Economic Evaluations of Educational, Physical, and Psychological Treatments for Fibromyalgia

A Systematic Review With Meta-Analysis

Cristina Maria Nunes Cabral; Gisela Cristiane Miyamoto; Katherinne Ferro Moura Franco; Judith Ekkina Bosmans


Pain. 2021;162(9):2331-2345. 

In This Article

Abstract and Introduction


Nonpharmacological interventions are recommended for the treatment of fibromyalgia, but there is a lack of knowledge about the cost-effectiveness of these interventions. The aim of this study was to systematically review economic evaluations of educational, physical, and psychological interventions for the treatment of fibromyalgia. The search was performed in PUBMED, EMBASE, CINAHL, Cochrane Library, Physiotherapy Evidence Database, PsycINFO, EconLit, National Health Service Economic Evaluation Database, and Health Technology Assessment. Economic evaluations of educational, physical, and psychological interventions for adult patients with fibromyalgia were included. Primary outcomes were healthcare and societal costs, and quality-adjusted life-years, and secondary outcomes were any disease-specific clinical outcome. Costs and effects were pooled in a meta-analysis, when possible. Eleven studies were included, of which 7 compared a psychological intervention with another intervention or usual care/control. Over a 6-month time horizon, healthcare and societal costs of the psychological intervention were significantly lower than usual care (mean difference: $−2087, 95% confidence interval [CI]: −3061 to −1112; mean difference: $−2411, 95% CI: −3582 to −1240, respectively), and healthcare costs were significantly lower for the psychological intervention compared with a pharmacological intervention (mean difference: $−1443, 95% CI: −2165 to −721). Over a 12-month time horizon, healthcare costs for the psychological intervention were significantly lower than for usual care (mean difference: $−538, 95% CI: −917 to −158). Incremental cost-effectiveness ratios for quality-adjusted life-years and impact of fibromyalgia showed that the psychological intervention was cost-effective compared with other interventions and control conditions. There is a need of more economic evaluations conducted alongside randomized controlled trials with interventions recommended for the treatment of fibromyalgia, such as physical exercise.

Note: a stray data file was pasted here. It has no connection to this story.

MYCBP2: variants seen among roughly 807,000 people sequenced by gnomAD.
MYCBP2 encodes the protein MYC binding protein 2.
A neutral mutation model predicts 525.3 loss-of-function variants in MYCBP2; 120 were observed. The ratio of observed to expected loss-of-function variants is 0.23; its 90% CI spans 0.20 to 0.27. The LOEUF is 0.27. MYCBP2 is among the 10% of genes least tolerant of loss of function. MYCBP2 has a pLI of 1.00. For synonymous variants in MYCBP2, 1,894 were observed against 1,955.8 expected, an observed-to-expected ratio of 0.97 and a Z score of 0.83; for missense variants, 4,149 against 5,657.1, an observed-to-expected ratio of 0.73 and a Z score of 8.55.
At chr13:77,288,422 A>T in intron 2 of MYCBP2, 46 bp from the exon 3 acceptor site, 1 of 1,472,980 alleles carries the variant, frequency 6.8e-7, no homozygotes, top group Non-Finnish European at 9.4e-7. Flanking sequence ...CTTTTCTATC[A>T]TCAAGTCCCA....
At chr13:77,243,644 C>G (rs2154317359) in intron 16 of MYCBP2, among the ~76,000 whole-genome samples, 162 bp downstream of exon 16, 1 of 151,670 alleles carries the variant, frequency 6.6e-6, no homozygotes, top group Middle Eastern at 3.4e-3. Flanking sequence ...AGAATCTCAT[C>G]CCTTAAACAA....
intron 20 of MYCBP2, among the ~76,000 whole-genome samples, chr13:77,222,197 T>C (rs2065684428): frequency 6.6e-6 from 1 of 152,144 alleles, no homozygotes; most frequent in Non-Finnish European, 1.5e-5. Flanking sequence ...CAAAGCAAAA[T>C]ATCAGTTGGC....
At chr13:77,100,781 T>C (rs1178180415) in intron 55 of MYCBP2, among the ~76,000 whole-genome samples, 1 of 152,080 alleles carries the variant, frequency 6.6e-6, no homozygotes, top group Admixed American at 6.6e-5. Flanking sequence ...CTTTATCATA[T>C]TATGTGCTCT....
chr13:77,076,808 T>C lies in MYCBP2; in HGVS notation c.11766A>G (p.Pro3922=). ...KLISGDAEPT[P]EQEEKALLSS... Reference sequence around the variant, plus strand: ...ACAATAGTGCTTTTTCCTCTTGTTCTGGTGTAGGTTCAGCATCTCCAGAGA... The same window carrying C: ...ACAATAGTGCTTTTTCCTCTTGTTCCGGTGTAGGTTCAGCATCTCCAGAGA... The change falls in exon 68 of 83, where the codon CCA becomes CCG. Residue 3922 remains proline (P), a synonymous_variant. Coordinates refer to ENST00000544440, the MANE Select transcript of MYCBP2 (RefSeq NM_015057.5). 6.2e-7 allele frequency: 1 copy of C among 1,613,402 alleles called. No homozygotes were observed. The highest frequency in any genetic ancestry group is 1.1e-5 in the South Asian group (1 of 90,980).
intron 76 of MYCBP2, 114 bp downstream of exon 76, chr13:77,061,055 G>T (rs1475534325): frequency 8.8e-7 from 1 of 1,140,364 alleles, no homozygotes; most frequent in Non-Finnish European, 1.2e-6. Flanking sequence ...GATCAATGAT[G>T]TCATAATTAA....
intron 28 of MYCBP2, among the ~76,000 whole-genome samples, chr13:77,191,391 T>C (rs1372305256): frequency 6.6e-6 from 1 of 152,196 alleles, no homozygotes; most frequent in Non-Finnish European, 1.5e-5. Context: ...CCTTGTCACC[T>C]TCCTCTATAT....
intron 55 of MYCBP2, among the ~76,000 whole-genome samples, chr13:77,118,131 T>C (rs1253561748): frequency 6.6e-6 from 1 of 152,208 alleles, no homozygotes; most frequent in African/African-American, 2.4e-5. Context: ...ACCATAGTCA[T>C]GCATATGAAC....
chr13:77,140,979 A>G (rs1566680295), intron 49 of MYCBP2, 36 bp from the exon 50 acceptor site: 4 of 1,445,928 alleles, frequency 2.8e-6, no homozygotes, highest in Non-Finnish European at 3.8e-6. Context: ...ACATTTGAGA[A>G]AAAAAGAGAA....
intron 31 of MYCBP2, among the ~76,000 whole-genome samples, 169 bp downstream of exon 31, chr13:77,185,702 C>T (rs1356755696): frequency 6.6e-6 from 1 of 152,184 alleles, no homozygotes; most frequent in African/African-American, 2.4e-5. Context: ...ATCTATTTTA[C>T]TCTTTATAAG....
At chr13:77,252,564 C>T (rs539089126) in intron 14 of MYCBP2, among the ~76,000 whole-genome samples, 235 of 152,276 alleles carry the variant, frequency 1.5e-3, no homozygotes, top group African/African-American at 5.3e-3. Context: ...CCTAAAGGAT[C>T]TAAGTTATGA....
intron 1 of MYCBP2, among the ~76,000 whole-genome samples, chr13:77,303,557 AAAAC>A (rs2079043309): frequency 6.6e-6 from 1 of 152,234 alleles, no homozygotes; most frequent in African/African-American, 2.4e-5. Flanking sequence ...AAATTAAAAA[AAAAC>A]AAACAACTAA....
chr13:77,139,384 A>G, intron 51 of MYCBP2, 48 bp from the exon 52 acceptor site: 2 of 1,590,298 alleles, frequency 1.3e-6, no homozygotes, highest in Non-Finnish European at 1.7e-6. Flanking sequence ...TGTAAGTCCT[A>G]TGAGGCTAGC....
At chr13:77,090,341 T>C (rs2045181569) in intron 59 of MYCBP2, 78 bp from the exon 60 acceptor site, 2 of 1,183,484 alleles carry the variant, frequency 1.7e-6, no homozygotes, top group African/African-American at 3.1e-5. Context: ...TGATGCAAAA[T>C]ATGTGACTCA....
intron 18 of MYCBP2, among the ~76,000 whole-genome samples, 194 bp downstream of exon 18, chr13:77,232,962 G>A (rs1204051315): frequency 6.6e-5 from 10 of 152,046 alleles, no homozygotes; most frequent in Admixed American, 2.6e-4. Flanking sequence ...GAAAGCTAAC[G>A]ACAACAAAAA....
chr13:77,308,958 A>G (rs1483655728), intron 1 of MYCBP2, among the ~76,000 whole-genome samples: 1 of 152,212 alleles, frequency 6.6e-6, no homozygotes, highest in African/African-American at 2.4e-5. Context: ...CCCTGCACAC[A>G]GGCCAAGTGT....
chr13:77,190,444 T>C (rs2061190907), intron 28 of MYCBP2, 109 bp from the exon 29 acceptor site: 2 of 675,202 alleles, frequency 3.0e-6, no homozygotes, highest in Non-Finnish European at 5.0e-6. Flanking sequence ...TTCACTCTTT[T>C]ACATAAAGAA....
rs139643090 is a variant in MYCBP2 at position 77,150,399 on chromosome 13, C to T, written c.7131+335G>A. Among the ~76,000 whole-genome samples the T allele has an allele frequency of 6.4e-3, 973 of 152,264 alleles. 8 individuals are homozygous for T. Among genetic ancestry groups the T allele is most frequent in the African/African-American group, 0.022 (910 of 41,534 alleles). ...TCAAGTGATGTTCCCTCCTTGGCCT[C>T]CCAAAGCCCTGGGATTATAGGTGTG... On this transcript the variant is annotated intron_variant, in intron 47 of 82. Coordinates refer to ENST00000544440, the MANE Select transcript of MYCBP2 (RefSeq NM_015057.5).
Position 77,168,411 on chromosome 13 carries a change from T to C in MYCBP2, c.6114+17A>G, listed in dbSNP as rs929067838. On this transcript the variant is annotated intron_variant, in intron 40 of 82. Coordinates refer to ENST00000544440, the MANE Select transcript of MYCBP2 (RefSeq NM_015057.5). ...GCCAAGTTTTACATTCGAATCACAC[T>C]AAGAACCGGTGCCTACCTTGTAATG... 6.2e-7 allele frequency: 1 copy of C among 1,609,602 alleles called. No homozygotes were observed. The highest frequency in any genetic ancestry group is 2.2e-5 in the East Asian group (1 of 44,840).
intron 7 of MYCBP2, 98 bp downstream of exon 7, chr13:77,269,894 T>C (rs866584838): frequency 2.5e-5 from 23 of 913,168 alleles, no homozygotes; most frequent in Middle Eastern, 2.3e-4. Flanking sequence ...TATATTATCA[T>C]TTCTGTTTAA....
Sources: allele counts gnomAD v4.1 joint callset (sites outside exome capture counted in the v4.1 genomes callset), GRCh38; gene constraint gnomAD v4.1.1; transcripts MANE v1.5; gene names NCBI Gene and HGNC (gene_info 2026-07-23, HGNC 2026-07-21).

Fibromyalgia is a chronic widespread pain, often accompanied by physical exhaustion, and sleep and cognitive disturbances.[12] Patients with fibromyalgia report a wide range of comorbid conditions, such as functional somatic syndromes, anxiety and depressive symptoms, and rheumatic diseases.[12] The overall prevalence of fibromyalgia in the general population ranges between 1.8%[15] and 2.7%.[39] Treatment should focus first on nonpharmacological modalities, such as exercise therapy and psychological and multicomponent therapies, including education.[12,29,42] Pharmacological therapy is recommended only if there is a lack of effect of nonpharmacological treatments[29] because pharmacological interventions have several potential adverse effects and unsustainable effects.[5,12]

Fibromyalgia carries a significant economic burden for patients and society.[23] Costs related to fibromyalgia are substantial, with a large share resulting from lost productivity costs.[20] Moreover, healthcare and lost productivity costs of patients with fibromyalgia are higher than those of matched peers and similar to patients with other chronic diseases, such as rheumatoid arthritis.[12] Considering the scarcity of resources available for health care worldwide, policy makers need to make choices about which treatments to reimburse and which ones not, to ensure that treatments provide value for money for patients and society.[12] Such decisions are often made using information from economic evaluations. Economic evaluations compare the differences in costs and effects of 2 or more interventions.[47] Within the field of musculoskeletal and painful disorders, cost-effectiveness (effects are expressed as disease-specific outcomes) and cost-utility (effects are expressed as quality-adjusted life-years [QALYs]), studies are the most commonly encountered types of economic evaluations.[30,46]

There is a lack of knowledge about the cost-effectiveness of educational, physical, and psychological interventions for patients with fibromyalgia,[43] and doubts exist about the methodological quality of existing studies. Recently, a systematic review[53] on the cost-effectiveness of interventions for functional somatic syndromes including fibromyalgia was published. However, only the available information in the included studies was presented without performing a meta-analysis, and no effort was made to calculate incremental cost-effectiveness ratios (ICERs) for studies that did not present ICERs. However, more complete reporting of costs, effects, and ICERs will result in important information for patients, clinicians, and decision makers. Therefore, the aim of this study was to systematically review economic evaluations of educational, physical, and psychological interventions in the treatment of patients with fibromyalgia, while also assessing the quality of the studies and performing a meta-analysis of the results when possible.